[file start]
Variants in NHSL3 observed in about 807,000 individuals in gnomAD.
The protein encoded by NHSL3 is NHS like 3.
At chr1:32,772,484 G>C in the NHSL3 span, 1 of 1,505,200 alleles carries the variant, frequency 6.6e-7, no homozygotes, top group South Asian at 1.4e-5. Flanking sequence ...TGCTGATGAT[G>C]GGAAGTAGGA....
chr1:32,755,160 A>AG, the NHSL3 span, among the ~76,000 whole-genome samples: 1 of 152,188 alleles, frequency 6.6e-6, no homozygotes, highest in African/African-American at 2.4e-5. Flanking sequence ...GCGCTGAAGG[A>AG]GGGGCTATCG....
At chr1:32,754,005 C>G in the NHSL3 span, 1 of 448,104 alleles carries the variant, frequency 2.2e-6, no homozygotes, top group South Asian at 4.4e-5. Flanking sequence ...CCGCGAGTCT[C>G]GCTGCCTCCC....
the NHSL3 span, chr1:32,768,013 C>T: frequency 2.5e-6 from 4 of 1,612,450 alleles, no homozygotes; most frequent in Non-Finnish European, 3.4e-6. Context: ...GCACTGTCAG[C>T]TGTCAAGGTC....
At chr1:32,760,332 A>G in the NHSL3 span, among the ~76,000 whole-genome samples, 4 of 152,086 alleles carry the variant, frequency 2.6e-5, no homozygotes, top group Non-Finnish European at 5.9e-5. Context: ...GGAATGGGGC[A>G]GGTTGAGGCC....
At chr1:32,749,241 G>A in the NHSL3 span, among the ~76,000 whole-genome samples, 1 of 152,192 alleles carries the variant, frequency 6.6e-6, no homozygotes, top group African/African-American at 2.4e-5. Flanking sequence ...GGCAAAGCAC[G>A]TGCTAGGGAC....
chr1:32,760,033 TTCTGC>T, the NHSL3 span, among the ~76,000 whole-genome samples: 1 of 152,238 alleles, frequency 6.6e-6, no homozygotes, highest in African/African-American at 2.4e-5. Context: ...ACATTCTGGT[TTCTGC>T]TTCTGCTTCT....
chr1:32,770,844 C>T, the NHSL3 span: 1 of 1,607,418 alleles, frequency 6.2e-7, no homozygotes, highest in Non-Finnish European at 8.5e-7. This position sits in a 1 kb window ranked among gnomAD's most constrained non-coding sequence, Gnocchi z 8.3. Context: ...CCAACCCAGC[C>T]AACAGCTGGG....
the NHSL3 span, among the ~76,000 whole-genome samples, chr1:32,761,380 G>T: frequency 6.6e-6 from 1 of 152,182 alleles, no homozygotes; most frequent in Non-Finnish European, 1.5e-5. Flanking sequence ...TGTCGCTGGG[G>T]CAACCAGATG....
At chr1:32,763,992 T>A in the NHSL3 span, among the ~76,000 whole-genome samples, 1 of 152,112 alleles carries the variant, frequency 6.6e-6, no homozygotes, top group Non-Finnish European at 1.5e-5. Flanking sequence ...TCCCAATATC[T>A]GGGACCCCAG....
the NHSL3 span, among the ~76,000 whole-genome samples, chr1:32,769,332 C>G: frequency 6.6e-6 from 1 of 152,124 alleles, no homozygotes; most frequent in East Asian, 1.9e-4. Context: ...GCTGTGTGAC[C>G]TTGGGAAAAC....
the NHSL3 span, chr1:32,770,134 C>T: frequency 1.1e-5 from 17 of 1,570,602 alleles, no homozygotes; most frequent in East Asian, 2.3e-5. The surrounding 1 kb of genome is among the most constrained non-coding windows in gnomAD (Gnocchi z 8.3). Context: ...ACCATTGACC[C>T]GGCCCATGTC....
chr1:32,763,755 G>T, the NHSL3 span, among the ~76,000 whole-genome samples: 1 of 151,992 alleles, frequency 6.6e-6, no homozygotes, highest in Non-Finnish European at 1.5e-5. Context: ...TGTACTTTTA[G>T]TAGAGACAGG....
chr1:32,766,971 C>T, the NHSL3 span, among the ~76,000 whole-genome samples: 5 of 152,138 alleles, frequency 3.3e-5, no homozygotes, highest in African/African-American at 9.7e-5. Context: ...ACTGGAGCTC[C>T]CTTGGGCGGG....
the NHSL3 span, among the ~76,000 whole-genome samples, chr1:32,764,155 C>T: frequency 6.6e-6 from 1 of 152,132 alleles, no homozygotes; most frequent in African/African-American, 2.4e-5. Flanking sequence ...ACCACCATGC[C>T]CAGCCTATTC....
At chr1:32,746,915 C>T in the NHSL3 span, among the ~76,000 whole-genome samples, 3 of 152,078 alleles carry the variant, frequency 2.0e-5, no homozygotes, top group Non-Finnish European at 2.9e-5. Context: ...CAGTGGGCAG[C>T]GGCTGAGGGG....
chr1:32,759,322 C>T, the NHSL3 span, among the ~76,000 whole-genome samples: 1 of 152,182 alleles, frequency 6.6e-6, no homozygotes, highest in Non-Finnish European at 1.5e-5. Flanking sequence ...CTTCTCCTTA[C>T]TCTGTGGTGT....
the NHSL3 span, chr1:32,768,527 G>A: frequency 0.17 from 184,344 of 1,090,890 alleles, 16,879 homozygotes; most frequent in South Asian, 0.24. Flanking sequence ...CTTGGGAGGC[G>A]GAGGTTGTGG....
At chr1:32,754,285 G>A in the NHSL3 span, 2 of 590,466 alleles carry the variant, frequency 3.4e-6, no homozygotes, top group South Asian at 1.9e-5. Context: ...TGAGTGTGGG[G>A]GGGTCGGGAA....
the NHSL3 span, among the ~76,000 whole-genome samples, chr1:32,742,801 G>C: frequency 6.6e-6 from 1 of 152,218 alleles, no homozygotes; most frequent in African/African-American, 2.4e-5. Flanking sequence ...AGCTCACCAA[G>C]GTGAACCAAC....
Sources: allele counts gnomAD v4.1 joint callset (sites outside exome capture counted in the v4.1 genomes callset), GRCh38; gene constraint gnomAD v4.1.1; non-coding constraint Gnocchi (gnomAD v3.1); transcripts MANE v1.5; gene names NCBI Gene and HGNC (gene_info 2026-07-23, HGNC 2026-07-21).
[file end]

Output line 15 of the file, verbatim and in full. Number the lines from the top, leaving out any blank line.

chr1:32,763,755 G>T, the NHSL3 span, among the ~76,000 whole-genome samples: 1 of 151,992 alleles, frequency 6.6e-6, no homozygotes, highest in Non-Finnish European at 1.5e-5. Context: ...TGTACTTTTA[G>T]TAGAGACAGG....